The plants are not just sitting on the chair. Oh no. The side view  gives you an idea of how it works. The original seat is long gone and a sacking type fabric is stapled to the inside of the seat space, slightly sagging, growing medium added and then the plants inserted. If you look very carefully you can actually see the petunia plugs, lifted out of the compost by the weight of the blooms.

If you try this please watch dear old aunt Mabel, in case she tries to sit on it! 😉

It did rain:- when we were in the car or sipping coffee.

Neither of us were in a hurry home.

Janet suggested a walk in Portglenone Forest Park. I was game for anything.

Map of Portglenone Forest

Map of Portglenone Forest

It was very overcast as we arrived in the car park.

“Do you think it will rain?” asked Janet.

“Not to worry, says I, we can shelter under a leaf!”

We took the Red route.

Portglenone, in Irish: Port Chluain Eoghain, means “The Fort of Eoghan’s meadow”. We local yokels might tease and call it Port-glen-one, but the correct pronunciation is more like Port-glen-own.

Portglenone Forest Park, lies 8.5 miles (14 km) west of Ballymena. It is classified as an ‘Ancient Woodland’, and has well marked nature trails, with the River Bann flowing through the forest. Records show that the forest was once part of a much larger woodland comprising Mountreivelen, Killetra, and Glenconkeyne Woods.

These woods formed one of the biggest oak forests in the country. In 1607 Sir John Davys, the Irish Attorney-General, described this area as “well nigh as large as the New Forest in Hampshire and stored with the best timber in Ireland.”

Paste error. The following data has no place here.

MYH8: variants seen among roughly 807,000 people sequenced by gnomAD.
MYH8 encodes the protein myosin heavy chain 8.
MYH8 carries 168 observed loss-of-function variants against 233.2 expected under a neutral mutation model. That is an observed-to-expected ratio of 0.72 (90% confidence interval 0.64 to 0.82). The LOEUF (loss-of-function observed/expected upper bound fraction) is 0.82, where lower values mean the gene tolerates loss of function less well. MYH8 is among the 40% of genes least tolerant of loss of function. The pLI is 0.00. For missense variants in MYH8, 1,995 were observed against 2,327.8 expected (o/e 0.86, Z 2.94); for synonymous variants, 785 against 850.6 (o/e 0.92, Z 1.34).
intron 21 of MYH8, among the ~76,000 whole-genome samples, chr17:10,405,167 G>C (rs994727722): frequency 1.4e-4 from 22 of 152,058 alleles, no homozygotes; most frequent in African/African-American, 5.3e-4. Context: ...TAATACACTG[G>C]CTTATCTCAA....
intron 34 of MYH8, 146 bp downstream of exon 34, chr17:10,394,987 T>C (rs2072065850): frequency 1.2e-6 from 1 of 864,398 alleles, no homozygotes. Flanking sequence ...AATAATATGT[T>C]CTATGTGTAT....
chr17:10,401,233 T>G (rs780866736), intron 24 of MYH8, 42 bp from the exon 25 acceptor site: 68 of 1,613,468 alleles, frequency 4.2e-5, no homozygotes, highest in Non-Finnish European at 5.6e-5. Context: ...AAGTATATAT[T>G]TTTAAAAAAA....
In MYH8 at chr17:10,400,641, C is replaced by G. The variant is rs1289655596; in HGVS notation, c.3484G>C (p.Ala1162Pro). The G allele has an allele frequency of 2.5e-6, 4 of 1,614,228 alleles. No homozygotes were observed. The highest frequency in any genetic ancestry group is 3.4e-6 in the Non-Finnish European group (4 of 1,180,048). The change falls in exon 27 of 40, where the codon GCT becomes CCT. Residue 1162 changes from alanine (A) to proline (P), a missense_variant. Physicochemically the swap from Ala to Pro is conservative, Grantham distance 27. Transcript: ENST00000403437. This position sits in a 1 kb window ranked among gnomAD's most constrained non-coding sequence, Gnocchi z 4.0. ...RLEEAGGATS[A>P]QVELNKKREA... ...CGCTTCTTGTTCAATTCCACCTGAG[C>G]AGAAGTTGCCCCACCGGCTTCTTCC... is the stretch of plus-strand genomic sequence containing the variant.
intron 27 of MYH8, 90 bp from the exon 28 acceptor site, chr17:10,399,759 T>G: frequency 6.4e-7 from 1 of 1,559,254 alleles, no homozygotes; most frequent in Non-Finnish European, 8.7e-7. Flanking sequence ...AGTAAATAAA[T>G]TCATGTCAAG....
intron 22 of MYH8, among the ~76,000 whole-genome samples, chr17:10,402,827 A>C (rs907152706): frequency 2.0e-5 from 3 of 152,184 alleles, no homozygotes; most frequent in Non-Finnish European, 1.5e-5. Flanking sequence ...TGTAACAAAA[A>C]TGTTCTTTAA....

The ground flora contains extensive colonies of species such as bluebell, wood anemone, and wild garlic. We would need to go back in late April or early May to enjoy those beauties. These plants take centuries of woodland cover to establish, and provide the wood with its important conservation and educational aspects.

Augustine Henry (1857–1930) was an Irish plantsman and sinologist. He began work as a medical officer and customs assistant to the Chinese customs service in 1881. He was an ardent reader of botanical literature and collected 15,000 dry specimens and 500 live plant samples of flora for Kew botanical gardens.  From his specimens 25 new genera and 500 new species were identified.

In 1913 he was appointed the first Professor of Forestry at the Royal College of Science (now University College Dublin), serving until he retired in 1926. He was involved in developing the national Forestry Service and in evaluating foreign conifer species. These included Sitka Spruce and Lodgepole pine.

In 1935, J. W. Besant was to write: ‘The wealth of beautiful trees and flowering shrubs which adorn gardens in all temperate parts of the world today is due in a great measure to the pioneer work of the late Professor Henry’.


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I have another Janet surprise, but that is for tomorrow!